sponge-bacteria interactions

Overview

The technique of producing bioactive compounds from sponge in a semi-continuous manner by challenging them with bacteria and capturing the compounds produced on a hydrophobic resin. This could be done repeatedly and is showing promise in obtaining sponge metabolites in a reproducible manner.

Summary

To mitigate the supply of bioactive compounds from sponges.

Resources

The role of sponge-bacteria interactions: the sponge Aplysilla rosea challenged by its associated bacterium Streptomyces ACT-52A in a controlled aquarium system

Applied Microbiology and Biotechnology

Abstract

Sponge-associated bacteria play a critical role in sponge biology, metabolism and ecology, but how they interact with their host sponges and the role of these interactions are poorly understood. This study investigated the role of the interaction between the sponge Aplysilla rosea and its associated actinobacterium, Streptomyces ACT-52A, in modifying sponge microbial diversity, metabolite profile and bioactivity. A recently developed experimental approach that exposes sponges to bacteria of interest in a controlled aquarium system was improved by including the capture and analysis of secreted metabolites by the addition of an absorbent resin in the seawater. In a series of controlled aquaria, A. rosea was exposed to Streptomyces ACT-52A at 106 cfu/ml and monitored for up to 360 h. Shifts in microbial communities associated with the sponges occurred within 24 to 48 h after bacterial exposure and continued until 360 h, as revealed by TRFLP. The metabolite profiles of sponge tissues also changed substantially as the microbial community shifted. Control sponges (without added bacteria) and Streptomyces ACT-52A-exposed sponges released different metabolites into the seawater that was captured by the resin. The antibacterial activity of compounds collected from the seawater increased at 96 and 360 h of exposure for the treated sponges compared to the control group due to new compounds being produced and released. Increased antibacterial activity of metabolites from treated sponge tissue was observed only at 360 h, whereas that of control sponge tissue remained unchanged. The results demonstrate that the interaction between sponges and their associated bacteria plays an important role in regulating secondary metabolite production.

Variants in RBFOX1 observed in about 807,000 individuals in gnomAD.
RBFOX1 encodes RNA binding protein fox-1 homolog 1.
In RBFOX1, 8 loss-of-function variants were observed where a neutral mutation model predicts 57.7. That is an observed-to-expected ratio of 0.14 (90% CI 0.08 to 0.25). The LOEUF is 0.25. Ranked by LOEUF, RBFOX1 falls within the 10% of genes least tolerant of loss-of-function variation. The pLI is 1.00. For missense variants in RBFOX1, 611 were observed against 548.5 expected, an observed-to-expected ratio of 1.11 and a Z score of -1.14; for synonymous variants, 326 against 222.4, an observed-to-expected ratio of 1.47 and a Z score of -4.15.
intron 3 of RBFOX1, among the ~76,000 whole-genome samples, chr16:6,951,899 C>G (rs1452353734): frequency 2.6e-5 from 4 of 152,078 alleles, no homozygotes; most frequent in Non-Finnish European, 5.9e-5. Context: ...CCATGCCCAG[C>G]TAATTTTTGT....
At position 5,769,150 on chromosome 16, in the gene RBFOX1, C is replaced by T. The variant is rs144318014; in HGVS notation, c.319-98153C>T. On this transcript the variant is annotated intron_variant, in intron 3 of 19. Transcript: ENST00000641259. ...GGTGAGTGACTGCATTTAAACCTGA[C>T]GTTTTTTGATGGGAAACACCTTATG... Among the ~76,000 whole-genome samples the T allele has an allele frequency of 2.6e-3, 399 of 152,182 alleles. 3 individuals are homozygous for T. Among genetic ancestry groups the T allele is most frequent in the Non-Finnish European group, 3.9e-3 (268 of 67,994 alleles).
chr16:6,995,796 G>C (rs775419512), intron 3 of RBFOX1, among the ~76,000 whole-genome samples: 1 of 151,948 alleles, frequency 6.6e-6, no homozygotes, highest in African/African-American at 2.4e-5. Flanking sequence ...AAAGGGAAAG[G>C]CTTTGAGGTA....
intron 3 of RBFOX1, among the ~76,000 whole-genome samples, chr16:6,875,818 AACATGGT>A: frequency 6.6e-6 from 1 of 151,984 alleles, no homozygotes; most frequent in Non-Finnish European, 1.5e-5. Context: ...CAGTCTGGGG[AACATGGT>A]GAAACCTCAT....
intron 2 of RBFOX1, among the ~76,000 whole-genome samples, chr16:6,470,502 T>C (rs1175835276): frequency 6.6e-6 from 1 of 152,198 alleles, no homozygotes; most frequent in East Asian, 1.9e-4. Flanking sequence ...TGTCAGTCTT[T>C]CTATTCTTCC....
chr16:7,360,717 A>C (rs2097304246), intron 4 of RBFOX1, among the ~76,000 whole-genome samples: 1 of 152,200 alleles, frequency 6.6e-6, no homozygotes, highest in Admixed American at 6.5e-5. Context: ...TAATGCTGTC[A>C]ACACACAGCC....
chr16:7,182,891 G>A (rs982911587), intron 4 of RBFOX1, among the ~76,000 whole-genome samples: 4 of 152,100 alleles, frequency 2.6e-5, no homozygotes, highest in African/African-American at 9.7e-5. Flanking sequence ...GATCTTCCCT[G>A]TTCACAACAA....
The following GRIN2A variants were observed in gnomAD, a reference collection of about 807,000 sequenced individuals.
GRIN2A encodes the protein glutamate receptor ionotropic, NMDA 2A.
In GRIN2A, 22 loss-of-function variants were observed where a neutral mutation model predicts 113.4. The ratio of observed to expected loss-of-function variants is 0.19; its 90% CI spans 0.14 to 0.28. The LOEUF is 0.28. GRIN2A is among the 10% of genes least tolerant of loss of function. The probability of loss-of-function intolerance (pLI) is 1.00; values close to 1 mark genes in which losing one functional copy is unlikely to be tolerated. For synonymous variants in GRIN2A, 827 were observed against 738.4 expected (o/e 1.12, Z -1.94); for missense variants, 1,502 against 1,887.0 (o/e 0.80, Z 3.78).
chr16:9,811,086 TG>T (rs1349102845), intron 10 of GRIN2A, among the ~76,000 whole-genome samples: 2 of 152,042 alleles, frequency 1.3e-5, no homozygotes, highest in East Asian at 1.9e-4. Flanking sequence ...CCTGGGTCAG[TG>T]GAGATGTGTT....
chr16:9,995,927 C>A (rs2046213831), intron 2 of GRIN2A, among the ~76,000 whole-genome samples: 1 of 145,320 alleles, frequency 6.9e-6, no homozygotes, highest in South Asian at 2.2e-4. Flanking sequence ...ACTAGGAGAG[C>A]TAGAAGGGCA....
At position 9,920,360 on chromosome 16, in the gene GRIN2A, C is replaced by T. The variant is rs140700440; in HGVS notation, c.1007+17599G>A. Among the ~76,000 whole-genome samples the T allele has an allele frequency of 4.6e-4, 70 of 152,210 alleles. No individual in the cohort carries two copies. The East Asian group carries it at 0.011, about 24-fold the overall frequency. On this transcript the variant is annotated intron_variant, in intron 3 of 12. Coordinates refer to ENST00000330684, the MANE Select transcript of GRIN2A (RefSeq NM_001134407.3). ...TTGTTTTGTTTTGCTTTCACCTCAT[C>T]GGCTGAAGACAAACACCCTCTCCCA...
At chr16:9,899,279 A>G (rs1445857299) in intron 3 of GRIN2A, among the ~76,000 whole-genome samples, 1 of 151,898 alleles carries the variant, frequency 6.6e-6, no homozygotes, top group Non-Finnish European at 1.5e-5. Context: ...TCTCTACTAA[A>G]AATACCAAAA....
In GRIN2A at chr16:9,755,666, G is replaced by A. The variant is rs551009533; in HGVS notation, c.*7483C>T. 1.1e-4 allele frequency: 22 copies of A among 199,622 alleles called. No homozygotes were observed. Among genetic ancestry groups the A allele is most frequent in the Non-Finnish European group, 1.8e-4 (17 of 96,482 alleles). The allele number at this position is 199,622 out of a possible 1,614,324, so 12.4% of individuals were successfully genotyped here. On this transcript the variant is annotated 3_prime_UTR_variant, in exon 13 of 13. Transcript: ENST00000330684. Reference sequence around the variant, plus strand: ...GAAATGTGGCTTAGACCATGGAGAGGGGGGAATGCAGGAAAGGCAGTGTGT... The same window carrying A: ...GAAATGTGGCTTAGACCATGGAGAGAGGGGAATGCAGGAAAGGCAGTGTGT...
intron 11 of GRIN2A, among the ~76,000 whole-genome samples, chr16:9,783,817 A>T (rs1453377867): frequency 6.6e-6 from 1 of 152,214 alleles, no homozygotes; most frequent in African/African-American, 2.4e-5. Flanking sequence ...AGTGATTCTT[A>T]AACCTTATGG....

October 2016
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